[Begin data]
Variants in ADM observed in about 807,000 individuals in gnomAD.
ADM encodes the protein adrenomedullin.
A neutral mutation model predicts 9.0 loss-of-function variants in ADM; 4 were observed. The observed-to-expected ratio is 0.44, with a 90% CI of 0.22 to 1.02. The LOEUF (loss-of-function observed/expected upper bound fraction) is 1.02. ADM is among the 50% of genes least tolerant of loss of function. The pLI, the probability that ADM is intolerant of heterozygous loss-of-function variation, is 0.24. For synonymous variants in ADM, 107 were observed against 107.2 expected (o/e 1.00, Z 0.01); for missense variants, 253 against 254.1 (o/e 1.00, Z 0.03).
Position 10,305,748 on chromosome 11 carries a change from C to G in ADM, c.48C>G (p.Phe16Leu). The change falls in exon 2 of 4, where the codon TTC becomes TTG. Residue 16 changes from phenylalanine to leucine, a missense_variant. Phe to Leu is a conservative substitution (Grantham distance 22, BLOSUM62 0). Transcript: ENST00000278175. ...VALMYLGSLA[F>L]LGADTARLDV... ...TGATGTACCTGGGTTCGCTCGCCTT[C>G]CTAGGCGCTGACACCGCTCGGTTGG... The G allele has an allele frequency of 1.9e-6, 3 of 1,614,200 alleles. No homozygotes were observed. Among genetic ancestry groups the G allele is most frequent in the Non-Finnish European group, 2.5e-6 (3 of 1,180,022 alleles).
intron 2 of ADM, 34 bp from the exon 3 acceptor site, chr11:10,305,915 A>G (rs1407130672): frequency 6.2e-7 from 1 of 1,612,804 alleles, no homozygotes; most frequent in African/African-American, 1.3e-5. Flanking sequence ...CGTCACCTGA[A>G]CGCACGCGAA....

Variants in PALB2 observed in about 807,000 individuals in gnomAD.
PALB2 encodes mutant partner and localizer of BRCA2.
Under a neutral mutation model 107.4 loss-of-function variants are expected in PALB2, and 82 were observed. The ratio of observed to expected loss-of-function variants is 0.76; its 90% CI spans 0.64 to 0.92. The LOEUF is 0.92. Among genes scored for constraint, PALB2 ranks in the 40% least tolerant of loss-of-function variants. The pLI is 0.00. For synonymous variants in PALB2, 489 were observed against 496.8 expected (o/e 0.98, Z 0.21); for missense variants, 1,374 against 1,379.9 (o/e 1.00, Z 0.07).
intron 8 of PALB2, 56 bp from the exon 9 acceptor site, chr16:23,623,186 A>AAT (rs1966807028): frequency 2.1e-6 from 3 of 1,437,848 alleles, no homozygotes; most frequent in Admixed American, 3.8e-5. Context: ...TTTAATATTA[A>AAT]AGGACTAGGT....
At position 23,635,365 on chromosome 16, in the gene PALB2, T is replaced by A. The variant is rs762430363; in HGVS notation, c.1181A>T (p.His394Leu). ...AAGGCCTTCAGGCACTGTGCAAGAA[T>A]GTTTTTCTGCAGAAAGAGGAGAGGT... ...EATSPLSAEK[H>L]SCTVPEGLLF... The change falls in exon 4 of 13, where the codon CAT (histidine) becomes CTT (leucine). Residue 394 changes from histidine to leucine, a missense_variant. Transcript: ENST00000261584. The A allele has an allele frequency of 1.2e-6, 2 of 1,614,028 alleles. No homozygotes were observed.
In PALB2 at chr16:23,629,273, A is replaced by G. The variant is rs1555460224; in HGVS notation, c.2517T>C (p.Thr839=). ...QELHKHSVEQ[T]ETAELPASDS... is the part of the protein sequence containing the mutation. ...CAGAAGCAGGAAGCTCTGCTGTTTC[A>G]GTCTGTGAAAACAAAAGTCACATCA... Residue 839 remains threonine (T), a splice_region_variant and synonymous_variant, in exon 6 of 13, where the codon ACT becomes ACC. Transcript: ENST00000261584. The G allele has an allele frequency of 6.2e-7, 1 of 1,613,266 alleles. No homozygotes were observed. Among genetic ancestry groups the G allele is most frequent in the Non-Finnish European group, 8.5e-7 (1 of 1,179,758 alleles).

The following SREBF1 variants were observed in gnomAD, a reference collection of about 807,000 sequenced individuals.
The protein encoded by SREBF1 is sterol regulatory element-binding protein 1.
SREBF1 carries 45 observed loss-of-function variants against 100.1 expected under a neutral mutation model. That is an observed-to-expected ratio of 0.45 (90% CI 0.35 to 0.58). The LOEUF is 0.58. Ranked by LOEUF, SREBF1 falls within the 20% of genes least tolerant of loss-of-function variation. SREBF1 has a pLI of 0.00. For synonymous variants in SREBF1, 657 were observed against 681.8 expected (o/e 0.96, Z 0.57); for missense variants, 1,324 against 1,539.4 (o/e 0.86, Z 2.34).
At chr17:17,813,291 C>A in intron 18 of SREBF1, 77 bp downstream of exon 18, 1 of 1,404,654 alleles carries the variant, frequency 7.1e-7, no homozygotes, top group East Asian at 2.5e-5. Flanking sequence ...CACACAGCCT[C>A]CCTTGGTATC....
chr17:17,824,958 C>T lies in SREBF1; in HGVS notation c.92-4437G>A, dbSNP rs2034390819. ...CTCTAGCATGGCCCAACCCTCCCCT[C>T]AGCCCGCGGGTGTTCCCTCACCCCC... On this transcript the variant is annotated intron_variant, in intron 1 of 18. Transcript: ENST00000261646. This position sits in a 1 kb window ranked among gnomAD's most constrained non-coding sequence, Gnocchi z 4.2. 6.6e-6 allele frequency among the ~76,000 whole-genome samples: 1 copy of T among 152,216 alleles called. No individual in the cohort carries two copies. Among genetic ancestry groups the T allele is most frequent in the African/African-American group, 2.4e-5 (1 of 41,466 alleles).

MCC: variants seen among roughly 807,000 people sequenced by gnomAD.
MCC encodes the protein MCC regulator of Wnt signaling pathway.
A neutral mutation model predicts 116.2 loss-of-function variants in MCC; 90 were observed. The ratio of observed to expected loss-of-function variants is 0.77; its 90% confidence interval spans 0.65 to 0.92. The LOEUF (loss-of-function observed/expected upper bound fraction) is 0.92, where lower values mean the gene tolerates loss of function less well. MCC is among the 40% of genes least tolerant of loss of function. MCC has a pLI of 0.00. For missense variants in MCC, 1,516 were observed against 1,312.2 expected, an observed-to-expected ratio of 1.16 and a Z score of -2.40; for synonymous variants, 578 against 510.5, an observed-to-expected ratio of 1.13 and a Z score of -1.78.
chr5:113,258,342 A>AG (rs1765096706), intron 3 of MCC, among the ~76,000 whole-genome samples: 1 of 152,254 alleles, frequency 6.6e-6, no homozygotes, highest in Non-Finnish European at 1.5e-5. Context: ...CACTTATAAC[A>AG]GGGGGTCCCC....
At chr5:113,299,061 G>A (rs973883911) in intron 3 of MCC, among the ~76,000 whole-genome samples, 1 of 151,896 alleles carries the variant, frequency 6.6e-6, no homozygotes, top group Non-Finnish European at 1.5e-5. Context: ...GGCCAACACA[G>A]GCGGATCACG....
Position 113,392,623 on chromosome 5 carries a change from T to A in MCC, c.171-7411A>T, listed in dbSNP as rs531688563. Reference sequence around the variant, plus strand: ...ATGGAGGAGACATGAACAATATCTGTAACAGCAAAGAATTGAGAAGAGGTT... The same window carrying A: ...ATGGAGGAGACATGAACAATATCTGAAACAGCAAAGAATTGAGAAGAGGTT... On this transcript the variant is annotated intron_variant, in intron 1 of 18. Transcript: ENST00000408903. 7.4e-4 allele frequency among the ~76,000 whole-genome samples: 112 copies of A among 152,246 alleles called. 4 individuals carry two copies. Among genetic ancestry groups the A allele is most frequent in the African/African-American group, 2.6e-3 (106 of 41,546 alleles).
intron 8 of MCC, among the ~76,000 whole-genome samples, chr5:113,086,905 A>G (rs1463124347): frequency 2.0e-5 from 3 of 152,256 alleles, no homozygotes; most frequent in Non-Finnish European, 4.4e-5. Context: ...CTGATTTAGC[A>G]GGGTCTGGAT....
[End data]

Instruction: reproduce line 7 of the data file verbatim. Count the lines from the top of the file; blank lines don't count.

PALB2 encodes mutant partner and localizer of BRCA2.